A Tennesssee-based trucking company is challenging the Indiana Department of Tranportation’s authority to sue for damages on state property caused by motorists on highways.
Averitt Experss Inc. is appealing a ruling by a judge in western Indiana’s Putnam County, claiming that it shouldn’t owe INDOT nearly $60,000 for a guardrail and pavement damage from a 2011 crash on Interstate 70 that killed a company driver.
The company insists that the transportation department’s long-standing policy of charging for highway repair work is illegal, because those repairs are already paid by tax money.
In the fiscal year ending June 30, INDOT’s property damage billing increased more than 50 percent to $7.1 million and covered more than 4,354 incidents, the Indianapolis Business Journal reported.
Attorney Michael Langford said that other courts have observed the rule that governments cannot recover the cost of routine functions such as highway repair when those costs are already covered through taxation.
“This rule expresses the common-sense principle that taxpayers should not be asked to fund the same government functions twice,” he said.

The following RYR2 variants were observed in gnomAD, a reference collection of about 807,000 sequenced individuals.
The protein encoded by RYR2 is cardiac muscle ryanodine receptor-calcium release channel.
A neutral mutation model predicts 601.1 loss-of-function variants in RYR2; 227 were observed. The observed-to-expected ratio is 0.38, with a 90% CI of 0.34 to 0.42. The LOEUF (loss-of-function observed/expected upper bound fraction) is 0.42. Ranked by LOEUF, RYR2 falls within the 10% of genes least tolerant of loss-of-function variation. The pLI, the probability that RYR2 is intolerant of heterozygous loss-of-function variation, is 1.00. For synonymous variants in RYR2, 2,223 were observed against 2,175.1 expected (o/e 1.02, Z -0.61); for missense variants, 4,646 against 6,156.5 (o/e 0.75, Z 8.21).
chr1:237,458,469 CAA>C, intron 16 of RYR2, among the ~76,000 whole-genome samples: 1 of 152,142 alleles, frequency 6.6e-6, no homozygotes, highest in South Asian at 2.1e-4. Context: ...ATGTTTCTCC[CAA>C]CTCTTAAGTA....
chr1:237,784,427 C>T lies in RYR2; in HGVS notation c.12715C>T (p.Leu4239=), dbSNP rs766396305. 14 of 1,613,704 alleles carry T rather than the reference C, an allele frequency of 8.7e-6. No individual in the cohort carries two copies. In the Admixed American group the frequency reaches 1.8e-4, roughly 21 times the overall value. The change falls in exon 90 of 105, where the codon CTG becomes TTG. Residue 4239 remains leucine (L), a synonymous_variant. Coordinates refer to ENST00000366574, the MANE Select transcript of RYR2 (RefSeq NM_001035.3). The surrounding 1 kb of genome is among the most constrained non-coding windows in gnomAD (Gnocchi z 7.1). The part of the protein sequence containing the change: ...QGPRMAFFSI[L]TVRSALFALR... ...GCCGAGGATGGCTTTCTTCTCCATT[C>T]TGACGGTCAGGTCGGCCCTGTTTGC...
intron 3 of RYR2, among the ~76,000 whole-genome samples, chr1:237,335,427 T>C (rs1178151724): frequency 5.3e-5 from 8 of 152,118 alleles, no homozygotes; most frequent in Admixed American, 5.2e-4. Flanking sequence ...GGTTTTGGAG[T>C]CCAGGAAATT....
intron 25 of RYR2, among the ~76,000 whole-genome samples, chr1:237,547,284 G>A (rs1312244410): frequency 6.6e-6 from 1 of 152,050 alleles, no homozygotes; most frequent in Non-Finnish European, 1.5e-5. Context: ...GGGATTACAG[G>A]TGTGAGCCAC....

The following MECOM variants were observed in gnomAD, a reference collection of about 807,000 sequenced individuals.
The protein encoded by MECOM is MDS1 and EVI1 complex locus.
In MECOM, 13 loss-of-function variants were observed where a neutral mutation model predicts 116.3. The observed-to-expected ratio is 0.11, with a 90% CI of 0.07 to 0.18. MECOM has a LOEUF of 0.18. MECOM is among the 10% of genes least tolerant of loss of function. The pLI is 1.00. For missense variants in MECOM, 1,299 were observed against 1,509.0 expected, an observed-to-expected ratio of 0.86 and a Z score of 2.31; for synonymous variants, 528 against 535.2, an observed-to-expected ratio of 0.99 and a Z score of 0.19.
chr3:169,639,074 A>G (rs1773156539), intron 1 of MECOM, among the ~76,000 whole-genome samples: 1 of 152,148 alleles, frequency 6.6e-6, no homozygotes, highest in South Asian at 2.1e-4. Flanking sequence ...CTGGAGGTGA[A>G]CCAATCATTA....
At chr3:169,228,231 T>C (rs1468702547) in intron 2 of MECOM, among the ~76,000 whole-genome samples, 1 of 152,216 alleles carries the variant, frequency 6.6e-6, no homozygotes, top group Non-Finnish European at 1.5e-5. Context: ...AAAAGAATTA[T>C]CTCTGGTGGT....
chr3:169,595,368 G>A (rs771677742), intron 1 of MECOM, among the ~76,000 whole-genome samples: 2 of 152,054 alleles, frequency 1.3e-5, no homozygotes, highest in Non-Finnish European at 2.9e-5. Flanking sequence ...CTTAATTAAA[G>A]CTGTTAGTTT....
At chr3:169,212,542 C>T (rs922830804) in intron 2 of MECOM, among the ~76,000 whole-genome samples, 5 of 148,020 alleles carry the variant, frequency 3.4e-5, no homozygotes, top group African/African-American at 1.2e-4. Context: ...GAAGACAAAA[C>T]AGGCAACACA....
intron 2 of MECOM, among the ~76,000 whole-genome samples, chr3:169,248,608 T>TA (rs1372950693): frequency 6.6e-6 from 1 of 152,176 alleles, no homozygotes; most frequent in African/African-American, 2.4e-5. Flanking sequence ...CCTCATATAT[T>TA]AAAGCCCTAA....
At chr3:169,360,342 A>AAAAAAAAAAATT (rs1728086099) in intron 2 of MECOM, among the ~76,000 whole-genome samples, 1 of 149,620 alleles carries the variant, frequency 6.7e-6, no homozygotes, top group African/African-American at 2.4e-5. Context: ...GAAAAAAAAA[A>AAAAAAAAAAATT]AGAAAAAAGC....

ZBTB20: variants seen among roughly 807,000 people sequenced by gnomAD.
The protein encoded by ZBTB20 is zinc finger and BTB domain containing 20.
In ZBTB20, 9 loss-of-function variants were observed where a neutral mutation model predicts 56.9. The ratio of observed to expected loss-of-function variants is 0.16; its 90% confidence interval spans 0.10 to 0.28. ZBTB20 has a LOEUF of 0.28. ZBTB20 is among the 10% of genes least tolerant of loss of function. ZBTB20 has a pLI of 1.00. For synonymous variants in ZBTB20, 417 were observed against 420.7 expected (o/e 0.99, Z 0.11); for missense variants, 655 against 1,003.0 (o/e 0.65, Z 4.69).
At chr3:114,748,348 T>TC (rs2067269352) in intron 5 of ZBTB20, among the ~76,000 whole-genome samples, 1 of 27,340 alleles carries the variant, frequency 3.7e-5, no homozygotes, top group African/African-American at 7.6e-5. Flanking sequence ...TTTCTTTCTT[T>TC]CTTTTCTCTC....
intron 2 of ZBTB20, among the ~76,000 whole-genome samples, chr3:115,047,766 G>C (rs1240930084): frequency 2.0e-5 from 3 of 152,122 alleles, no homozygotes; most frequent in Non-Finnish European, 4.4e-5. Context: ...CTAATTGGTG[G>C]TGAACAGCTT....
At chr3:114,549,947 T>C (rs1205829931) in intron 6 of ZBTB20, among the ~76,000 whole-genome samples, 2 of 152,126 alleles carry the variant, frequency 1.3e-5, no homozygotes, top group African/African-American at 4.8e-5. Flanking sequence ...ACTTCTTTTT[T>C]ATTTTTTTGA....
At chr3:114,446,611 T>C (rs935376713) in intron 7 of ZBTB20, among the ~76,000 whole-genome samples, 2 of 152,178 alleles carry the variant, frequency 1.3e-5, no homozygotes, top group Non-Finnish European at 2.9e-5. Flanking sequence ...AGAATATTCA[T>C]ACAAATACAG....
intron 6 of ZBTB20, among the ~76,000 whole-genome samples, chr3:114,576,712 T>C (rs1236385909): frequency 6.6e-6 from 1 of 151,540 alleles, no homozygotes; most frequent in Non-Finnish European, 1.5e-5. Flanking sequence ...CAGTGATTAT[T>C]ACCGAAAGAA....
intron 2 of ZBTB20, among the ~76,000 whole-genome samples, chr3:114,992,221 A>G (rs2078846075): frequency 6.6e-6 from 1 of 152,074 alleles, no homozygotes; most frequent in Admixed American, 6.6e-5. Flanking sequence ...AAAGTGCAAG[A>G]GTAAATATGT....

According to the court’s findings, Averitt handed over $1.9 million in taxes from 2010 to 2013, and days before the accident INDOT contracted for repairs to the same section of 1-70 in Indianapolis.
Deputy Attorney General Kristin Garn said in a June 9 reply brief that the fact that Averitt pays taxes “has no bearing on the state’s ability to bring a tort claim in the case of damage to its property due to negligence.”
Although Legislature authorized the transportation department to recover highway-repair costs resulting from violations of size and weight restrictions, there was no such violation in the 2011 crash, according to the company.
Garn also sited the trial judge Matthey Headley who asked, “Does the defendant believe that there is going to be no recovery [for] a municipality when someone [knocks] out a stoplight? The example could go on, but the answer is obvious.”
INDOT’S collection from damages significantly increased when Purdue University researchers helped the department become more efficient in its billing to recover money for crash damages.
The increase in funds only intensifies the chance that someone would mount a serious legal challenge, said Lonnie Johnson, a Bloomington attorney who represents other trucking companies.
“A lot of times a practice will go on for years before anyone has the time or money to take it up on appeal,” he said.
On Aug. 17 2011, Goins was headed eastbound on I-70 when he attempted to avoid stalled vehicles ahead of him, striking the trailer of another truck and a guardrail, sending his truck into flames. Goins was killed.